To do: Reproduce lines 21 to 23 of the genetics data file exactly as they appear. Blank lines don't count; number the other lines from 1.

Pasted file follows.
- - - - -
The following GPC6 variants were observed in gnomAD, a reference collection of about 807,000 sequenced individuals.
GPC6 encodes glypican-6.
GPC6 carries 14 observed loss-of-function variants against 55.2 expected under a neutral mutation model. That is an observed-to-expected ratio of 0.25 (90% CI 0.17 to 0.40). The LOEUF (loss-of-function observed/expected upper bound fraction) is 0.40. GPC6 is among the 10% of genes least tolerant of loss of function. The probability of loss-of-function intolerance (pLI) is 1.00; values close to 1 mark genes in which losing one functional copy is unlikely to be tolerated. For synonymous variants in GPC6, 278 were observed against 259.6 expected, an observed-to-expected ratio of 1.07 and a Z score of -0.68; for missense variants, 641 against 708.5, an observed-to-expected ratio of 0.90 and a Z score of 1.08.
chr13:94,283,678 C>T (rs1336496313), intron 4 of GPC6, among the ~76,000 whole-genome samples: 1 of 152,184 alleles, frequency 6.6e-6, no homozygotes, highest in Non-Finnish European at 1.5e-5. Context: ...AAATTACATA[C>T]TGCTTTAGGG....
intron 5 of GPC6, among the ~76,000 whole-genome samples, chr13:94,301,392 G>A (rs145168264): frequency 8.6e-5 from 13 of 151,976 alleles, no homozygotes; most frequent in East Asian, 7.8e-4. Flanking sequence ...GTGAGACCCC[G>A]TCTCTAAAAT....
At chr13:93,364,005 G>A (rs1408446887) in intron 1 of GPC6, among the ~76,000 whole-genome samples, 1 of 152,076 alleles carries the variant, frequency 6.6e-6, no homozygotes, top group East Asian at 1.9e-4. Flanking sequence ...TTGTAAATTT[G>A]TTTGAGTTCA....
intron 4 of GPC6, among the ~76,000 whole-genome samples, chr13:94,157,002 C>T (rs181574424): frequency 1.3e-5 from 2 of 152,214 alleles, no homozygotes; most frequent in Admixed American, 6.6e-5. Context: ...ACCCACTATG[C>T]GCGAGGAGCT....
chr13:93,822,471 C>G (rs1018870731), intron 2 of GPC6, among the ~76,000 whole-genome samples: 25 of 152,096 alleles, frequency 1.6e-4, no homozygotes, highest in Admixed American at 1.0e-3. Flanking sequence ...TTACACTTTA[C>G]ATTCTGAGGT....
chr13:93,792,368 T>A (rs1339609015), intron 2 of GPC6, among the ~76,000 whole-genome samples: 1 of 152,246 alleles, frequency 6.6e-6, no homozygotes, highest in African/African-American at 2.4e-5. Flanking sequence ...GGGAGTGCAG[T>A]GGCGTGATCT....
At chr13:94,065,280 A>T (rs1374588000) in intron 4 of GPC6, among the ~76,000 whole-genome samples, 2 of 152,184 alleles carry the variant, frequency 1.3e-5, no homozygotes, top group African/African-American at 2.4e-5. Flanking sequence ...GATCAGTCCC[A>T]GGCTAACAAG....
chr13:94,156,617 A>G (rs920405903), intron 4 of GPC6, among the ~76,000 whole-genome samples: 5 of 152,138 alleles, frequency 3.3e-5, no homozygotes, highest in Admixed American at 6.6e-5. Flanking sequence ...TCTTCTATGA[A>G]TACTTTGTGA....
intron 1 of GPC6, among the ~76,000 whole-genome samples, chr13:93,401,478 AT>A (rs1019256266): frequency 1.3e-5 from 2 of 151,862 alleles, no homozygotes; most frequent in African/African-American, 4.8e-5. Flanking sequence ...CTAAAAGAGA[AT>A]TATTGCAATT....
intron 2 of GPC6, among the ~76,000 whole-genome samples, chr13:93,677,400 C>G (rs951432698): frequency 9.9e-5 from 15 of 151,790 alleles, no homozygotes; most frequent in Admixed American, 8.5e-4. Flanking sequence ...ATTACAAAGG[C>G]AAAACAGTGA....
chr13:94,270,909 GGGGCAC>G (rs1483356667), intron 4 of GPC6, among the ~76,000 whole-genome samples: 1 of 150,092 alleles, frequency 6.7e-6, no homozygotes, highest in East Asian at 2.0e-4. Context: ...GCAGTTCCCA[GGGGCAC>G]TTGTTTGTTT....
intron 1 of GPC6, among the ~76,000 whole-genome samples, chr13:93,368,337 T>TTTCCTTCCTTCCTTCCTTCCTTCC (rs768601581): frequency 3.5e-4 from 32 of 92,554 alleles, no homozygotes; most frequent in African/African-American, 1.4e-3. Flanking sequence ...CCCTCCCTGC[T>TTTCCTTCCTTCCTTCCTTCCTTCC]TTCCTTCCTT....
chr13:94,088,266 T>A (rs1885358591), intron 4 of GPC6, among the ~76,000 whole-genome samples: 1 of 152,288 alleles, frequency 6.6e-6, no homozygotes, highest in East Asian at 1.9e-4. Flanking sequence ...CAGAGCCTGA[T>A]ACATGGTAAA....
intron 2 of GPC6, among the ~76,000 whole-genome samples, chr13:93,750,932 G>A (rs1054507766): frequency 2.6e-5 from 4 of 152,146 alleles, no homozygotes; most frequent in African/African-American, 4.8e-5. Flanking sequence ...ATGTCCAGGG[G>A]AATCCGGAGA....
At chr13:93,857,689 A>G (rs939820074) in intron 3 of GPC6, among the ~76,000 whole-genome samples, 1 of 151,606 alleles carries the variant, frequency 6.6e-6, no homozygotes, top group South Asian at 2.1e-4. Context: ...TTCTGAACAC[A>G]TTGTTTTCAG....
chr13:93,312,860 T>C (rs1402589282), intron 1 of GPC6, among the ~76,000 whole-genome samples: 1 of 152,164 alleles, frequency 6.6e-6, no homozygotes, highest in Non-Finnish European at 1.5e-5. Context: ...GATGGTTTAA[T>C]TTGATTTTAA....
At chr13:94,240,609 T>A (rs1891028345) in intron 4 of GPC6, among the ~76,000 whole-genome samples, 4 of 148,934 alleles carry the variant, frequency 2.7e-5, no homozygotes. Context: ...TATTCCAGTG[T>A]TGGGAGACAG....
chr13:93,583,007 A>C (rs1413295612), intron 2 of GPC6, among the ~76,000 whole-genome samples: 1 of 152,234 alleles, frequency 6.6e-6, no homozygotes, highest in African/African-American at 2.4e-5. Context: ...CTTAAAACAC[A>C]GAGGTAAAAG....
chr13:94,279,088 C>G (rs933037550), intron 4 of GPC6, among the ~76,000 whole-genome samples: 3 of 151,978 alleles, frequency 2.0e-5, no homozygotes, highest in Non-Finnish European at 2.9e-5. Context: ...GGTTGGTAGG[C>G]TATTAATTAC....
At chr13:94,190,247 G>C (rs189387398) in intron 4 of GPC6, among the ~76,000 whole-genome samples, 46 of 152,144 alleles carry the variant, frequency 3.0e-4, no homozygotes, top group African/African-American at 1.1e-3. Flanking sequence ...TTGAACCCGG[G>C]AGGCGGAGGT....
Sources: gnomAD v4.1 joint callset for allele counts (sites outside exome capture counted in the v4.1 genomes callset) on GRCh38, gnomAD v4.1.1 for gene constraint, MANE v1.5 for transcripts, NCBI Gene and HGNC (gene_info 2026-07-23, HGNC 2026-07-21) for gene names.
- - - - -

chr13:93,583,007 A>C (rs1413295612), intron 2 of GPC6, among the ~76,000 whole-genome samples: 1 of 152,234 alleles, frequency 6.6e-6, no homozygotes, highest in African/African-American at 2.4e-5. Context: ...CTTAAAACAC[A>C]GAGGTAAAAG....
chr13:94,279,088 C>G (rs933037550), intron 4 of GPC6, among the ~76,000 whole-genome samples: 3 of 151,978 alleles, frequency 2.0e-5, no homozygotes, highest in Non-Finnish European at 2.9e-5. Context: ...GGTTGGTAGG[C>G]TATTAATTAC....
At chr13:94,190,247 G>C (rs189387398) in intron 4 of GPC6, among the ~76,000 whole-genome samples, 46 of 152,144 alleles carry the variant, frequency 3.0e-4, no homozygotes, top group African/African-American at 1.1e-3. Flanking sequence ...TTGAACCCGG[G>C]AGGCGGAGGT....